Jonathan Gold has a singular talent for making the mundane sound special, fascinating, and unique. I should have remembered that when I let myself be intimidated by his description of the khûa klíng phat lung at Jitlada: "the spiciest food you can eat in Los Angeles", "a turmeric-rich endorphin bomb", and "a searing, tongue-scouring, chile-intensive dish". So when I ordered it, I decided to forego the unequivocal directive that I usually present at Thai restaurants: "Very very spicy. Thai hot. Very spicy. Yes, very spicy." (Because I have that I-like-wonder-bread-and-baloney-sandwiches look about me, around here such a request usually results in a dish that I would call "medium". In Atlanta, it got me dishes that were "very hot". Go figure.) But I figured that if it was hot enough to sear JG's tongue, then it would probably be on the high side of what I could tolerate.
Well, to put it bluntly, it ain't all that. If you order the plain khûa klíng phat lung, you'll get a dish that is somewhat more piquant than black-pepper flavor beef jerky. No, I'm not exaggerating. Chew it a little while, and you'll feel a little zip in the back of your throat...but that's it. It does have a pleasant, earthy flavor, but without the chiles it's not a balanced dish. So when you order, don't be afraid to ask Jazz to put some fire in it. (I thought about asking her to "adjust" it, but they seemed very busy and I figured it probably wouldn't be the same unless the chiles were cooked in.)
I don't want to give the impression that I didn't enjoy my visit. On the contrary, I'll be heading back to Jitlada as soon as I can. The spicy mango salad was an out-of-this-world mixture of sweet mango, juicy shrimp, tart citrus dressing, and I-don't-know-what-else that left a huge grin on my face and a happy, fiery sensation on my lips. And the catfish/tea leaf curry had a complex, rich, earthy character that I've never come close to experiencing in a Thai curry before.
So, yeah, Jitlada gets a very definite thumbs-up, but don't be shy when you order.
I've had the khua kling range anywhere from pleasantly hot to thermonuclear. It's *far* easier to make something more spicy than less, so when in doubt, err on the less spicy side.
Mssr. Gold's penchant for descriptive superfluity aside, there is a very good chance that your order was processed as "foreign." Hard to believe, I know, but it happens all the time. In fact, in a town like this, I'd bet that it happens more often than not.
The next time you go to a Thai restaurant in Thai Town sit by the kitchen pass-through and pay attention to the audible orders:
Did you hear that? "Khon farang"? That was the sound of a non-native order hitting the kitchen. Someone just received "differential treatment." Which, in all probability, means that someone is about to receive less salty, less spicy, less assertively-seasoned food.
"What can I do to insure myself against that," you might ask?
Well, as it's been suggested so many times on these boards, you can request that your food be made "Thai-style," or "more spicy," or whatever. But--and I mean this--unless you speak the language, or are accompanied by someone who does, there is NO guarantee that the waitstaff/kitchen will comply.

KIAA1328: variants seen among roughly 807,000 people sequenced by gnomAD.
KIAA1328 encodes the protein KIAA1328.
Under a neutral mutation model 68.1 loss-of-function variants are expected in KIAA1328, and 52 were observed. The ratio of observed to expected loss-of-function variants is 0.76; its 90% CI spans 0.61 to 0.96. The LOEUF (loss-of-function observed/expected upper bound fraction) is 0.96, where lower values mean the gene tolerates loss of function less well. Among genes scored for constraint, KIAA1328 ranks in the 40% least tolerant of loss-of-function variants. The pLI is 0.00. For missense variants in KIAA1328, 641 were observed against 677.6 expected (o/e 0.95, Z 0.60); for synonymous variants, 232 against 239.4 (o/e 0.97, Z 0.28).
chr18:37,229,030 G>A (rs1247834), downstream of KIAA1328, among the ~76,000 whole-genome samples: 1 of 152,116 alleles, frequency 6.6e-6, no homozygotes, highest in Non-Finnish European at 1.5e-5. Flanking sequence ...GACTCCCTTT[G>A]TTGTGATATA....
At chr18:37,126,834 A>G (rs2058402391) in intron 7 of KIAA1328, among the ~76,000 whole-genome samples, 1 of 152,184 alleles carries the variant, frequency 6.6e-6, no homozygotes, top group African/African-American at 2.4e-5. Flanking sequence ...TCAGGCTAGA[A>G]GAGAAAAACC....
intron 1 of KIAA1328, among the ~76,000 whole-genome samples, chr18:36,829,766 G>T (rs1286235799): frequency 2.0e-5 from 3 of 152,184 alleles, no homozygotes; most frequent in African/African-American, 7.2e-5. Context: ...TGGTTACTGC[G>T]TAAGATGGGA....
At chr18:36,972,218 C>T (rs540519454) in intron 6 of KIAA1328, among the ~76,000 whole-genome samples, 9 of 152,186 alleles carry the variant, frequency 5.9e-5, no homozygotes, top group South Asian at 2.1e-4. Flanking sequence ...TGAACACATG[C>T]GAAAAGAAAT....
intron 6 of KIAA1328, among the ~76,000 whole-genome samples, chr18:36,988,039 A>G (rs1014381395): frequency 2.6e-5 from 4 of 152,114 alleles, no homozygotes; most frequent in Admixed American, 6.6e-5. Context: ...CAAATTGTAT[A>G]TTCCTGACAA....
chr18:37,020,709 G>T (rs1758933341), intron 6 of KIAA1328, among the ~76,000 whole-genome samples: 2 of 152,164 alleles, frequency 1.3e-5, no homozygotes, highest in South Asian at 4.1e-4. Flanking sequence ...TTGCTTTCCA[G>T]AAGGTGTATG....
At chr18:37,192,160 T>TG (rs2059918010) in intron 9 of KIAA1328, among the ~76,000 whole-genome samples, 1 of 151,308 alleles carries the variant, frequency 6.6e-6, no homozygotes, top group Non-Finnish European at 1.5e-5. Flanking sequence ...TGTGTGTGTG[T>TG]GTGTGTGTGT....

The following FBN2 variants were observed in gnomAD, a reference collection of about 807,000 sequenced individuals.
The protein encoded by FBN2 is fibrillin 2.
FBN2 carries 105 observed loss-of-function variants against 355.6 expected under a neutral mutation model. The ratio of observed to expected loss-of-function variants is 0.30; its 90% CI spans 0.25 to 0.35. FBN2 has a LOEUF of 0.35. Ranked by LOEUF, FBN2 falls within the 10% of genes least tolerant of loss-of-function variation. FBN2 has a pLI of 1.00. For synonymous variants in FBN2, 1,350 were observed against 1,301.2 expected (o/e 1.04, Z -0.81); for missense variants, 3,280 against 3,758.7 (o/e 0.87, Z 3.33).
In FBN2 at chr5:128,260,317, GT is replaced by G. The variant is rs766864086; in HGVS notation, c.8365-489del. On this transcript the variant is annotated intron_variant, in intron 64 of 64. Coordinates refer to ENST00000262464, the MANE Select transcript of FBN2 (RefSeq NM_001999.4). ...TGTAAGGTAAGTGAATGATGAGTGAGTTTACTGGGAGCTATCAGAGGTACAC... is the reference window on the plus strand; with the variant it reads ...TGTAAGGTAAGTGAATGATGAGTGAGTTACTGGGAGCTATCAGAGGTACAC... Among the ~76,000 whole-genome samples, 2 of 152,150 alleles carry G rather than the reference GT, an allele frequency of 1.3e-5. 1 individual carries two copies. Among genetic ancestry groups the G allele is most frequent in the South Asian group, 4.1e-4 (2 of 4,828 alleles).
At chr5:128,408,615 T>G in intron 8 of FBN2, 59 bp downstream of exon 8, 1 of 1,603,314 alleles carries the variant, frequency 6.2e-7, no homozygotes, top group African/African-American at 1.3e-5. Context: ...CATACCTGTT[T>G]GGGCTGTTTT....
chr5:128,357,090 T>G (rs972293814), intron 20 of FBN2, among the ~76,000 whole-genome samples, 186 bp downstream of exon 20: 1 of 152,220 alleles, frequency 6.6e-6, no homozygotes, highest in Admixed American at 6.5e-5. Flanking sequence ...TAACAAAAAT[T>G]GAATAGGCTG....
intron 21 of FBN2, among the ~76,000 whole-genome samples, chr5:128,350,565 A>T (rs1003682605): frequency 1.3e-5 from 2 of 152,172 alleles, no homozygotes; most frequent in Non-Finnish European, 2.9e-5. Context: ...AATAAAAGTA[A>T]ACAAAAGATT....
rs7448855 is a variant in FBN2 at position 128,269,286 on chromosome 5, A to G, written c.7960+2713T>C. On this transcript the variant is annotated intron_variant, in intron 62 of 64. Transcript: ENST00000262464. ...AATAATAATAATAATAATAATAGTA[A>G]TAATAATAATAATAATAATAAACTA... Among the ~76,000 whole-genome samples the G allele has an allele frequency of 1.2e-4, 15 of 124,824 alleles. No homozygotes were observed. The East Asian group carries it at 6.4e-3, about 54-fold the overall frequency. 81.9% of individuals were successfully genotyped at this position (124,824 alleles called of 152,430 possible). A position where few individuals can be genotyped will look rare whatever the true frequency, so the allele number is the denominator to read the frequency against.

At any rate, having said all that, you will be well-served by asking the staff at Jitlada to punch up your order. They'll listen. I promise. But, don't say I didn't warn you. <see footnote>
Here's how an order of khua kling works:
When the order is placed, a small tub of premixed meat/curry is retrieved from the cooler (where it has been "blooming") and tossed in a hot wok. Now, if it's a standard "foreign" order, the dish will be finished WITHOUT additional chile. And, if it's a "native" order, or an order which stipulates that it be made "more spicy," the dish is finished WITH additional chile...and to varying degrees.
<footnote> I was at Jitlada the other day when an order came in from some Southern Thai people in San Francisco. They asked for 12 orders of khua kling, kaeng bai cha-phluu, and kaeng phuung, and all of it "very spicy." So, what happened? Well, when the magic words "phet maak," and--not "khon thai," but--"khon TAI" (i.e., "Southern people") hit the airwaves my inner 14yr old surfaced and begged Phii Uan for a taste. And, then? Well, I could barely swallow a spoonful of the kaeng phuung with rice. And, THEN? Then, an hour later, I threw it up. Really. I threw it up. The only other time that has happened to me in my 30+ years was when I swallowed a tiny spoonful of Dave's Insanity Sauce. <no smile>
That's a true story. My friend Howard had a bottle of Dave's in the fridge at hunting camp. I didn't know from Dave's at that point so I thought, what-the-heck. An hour later, while I was chest-deep in the lake with a fly-rod in my hand, the Dave's sauce came up. <cringe> It took two men to haul me ashore. And, at that point, the Dave's sauce decided to come *out* too. <evil grin>
Aaaanyway, I'm going to plan a Jitlada dinner on the event board soon.
I hope you'll join us.
re: Erik M
I'm quite certain that the order of khûa klíng was prepared "foreigner style". I thought I'd avoided that pitfall when the mango salad came out seasoned to (or, at least, closer to) Thai standards.
There have been times that I've wished that dishes could be ordered in Scoville units. "I'd like the green curry with eggplant. Make that a 2500, please." Although I suppose that some feeling of adventure would be lost, should this ever be standardized.
Perhaps ordering "...khon thai" will help avoid some of the ambiguity, especially at other restaurants not as used to the Chowhound crowd. Though I'll probably mispronounce it and get some funny looks.
By the way, if you let Dave's Insanity sit on the shelf for about six years, the heat becomes bearable. It doesn't help the taste any, though.